However much we crave an easy ride, travelling wouldn’t be much fun if we just arrived effortlessly at our destinations. So when I had to get from Sydney to Perth, the choice seemed obvious.

Forget about jumping on a plane for a few hours. The only way to go is on the Indian Pacific – all 4,352km of it.

Crossing the entire width of Australia, from the Pacific Ocean all the way through the Outbackto the Indian Ocean, it’s truly one of the world’s great train journeys.

That said, I’m not hugely excited about meeting the chair I will call home for the next three nights – or 66 hours in total.

All I can think about is a passage from Bill Bryson’s Down Under, when he took the Indian Pacific and thought he was going to get eaten alive by sullen passengers with sunken eyes.

So I’m amazed to find spacious seats, a lounge car, even hot showers! Wow, I’ve stayed in worse hostels.

Heaving onto the luggage rack the six litres of water I’ve just panic bought round the corner, I even notice a fresh water tap just down the aisle. Bugger.

And there was me thinking the weird looks were just people jealous at how well prepared I was. Oh well, it’s all good training (sorry).

Anyway, back on track (sorry again) we’re soon drifting away, out of Sydney and into the dusk.

After hazy memories of occasionally pulling into small towns throughout the night, I wake with a jolt to a window full of stunning Outback, the sandy earth stretching away as far as the eye can see.

Just after 7am we’re at Broken Hill, where we get the first chance to jump off for a bit. 

The remote little silver mining town is famous for its proximity to Silverton, which boasts Australia’s most photographed pub.

Sadly, a picture of the pub in a million Aussie beer adverts (and Mad Max 2) isn’t added to my collection. Yep, the train is running late, so our visit is cut short.

But we’re soon chugging along again and time flies by. I’ve always loved roadtrips, but there’s something about the rickety sway of a train to make you feel like you’re really crossing a country the old-fashioned way. It’s great.

Next we’re at Adelaide. Having made up time, we’ve got a couple of hours to stroll around Rundle Street, before stopping off for a quick drink on Gouger Street. 

It’s the home of Coopers after all, it would be rude not to sample the local delicacy, wouldn’t it?

Pleasantly light-headed, although not fully off the rails (sorry, last one, I promise), it’s then time to jump back onboard and wait for one of the journey’s highlights – crossing the Nullarbor Plain.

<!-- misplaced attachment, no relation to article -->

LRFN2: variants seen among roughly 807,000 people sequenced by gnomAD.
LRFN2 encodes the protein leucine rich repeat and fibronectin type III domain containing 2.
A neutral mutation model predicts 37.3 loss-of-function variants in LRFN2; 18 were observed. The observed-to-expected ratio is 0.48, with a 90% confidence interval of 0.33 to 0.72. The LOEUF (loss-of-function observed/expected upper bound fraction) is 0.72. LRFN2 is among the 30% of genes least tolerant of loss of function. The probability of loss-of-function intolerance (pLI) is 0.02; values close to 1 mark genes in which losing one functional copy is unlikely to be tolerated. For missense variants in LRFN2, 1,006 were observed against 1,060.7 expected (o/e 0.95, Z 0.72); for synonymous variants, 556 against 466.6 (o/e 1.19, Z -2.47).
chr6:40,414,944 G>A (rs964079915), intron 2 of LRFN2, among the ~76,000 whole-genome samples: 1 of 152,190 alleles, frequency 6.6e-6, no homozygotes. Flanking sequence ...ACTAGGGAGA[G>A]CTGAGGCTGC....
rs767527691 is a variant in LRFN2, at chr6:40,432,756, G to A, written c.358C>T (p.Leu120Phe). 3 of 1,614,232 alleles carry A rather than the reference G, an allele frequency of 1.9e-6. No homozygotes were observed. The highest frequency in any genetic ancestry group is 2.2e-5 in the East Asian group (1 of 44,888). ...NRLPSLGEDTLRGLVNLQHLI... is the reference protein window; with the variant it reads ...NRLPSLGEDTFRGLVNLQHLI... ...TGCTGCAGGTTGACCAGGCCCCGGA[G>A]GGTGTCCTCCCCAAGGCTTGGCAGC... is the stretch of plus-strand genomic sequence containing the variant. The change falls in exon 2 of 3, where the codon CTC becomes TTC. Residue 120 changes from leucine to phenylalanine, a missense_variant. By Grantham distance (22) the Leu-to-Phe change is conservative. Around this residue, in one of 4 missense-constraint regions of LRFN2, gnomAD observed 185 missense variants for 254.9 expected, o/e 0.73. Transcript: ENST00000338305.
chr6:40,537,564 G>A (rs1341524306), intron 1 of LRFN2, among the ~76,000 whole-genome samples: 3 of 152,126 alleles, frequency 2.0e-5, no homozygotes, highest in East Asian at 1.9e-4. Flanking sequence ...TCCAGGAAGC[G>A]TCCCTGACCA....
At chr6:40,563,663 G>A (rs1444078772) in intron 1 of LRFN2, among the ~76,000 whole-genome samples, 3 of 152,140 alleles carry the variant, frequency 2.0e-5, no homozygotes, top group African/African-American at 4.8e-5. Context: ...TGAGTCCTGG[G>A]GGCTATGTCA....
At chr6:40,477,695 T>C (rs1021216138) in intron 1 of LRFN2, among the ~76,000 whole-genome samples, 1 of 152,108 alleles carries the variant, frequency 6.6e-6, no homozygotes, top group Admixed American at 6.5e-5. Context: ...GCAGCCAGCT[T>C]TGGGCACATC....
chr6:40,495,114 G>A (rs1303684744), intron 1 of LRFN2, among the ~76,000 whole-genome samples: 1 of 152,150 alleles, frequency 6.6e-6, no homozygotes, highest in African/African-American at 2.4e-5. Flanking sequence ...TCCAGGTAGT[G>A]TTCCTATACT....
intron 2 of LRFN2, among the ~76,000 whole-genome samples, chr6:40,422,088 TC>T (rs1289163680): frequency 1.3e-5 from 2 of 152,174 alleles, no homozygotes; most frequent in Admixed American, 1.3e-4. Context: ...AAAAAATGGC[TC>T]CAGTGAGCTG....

Named from the Latin for no trees, the Nullarbor is about as relentlessly flat and empty a piece of land as you are likely 
to experience.

It’s also huge. Well, about four times the size of Belgium anyway… or was that four times as interesting as Belgium, 
I can’t remember.

Either way, I spend hours gaping at it, mesmerised by its big skies and curving horizons – it’s truly awe-inspiring.

And to see it properly you’ve got to get the train, as the Indian Pacific goes right through the middle of it, unlike the road which skirts its southern edge.

Indeed, one of the Indy’s great claims to fame is that its route across the Nullarbor is the longest stretch of straight track in the world – measuring 478km without a single curve.

Halfway along that track we pull into Cook, basically a ghost town which boasts an empty pool and a particularly impressive country club.

Stepping off into the searing heat to wonder around a surreal collection of buildings literally in the middle of nowhere is what I love about this journey.

These are places I wouldn’t even have seen by road, let alone plane. Whether it’s the awesome landscapes, boozy sunsets or oddball characters you meet, there’s a timeless brilliance in getting the train.

Half an hour later the siren goes so we all jump on. This is not a train you’d want to miss.

At one point we pull to a stop. We look a million miles from anywhere, but one couple hops off.

Just as I think we’re leaving these people to a certain death, I spot a truck waiting for them, presumably to take them back to their cave or something, because there’s no sign of life for as far as the eye can see.

Later that night, after enjoying another Outback sunset from the comfort of the bar, we pull into Kalgoorlie.

There’s just time for a 10 minute sprint around town, after a broken rail earlier in the day left us stranded in the Nullarbor for several hours. Sadly it means Australia’s only brothel tour will have to wait.

Instead we rejoin the train for the final leg, taking us all the way through to Perth the following morning, where I arrive, very glad I didn’t get the plane.

The damage & the details: The Indian Pacific journey with Great Southern Rail (Ph: 13 21 47, ) costs $315, with a backpacker card.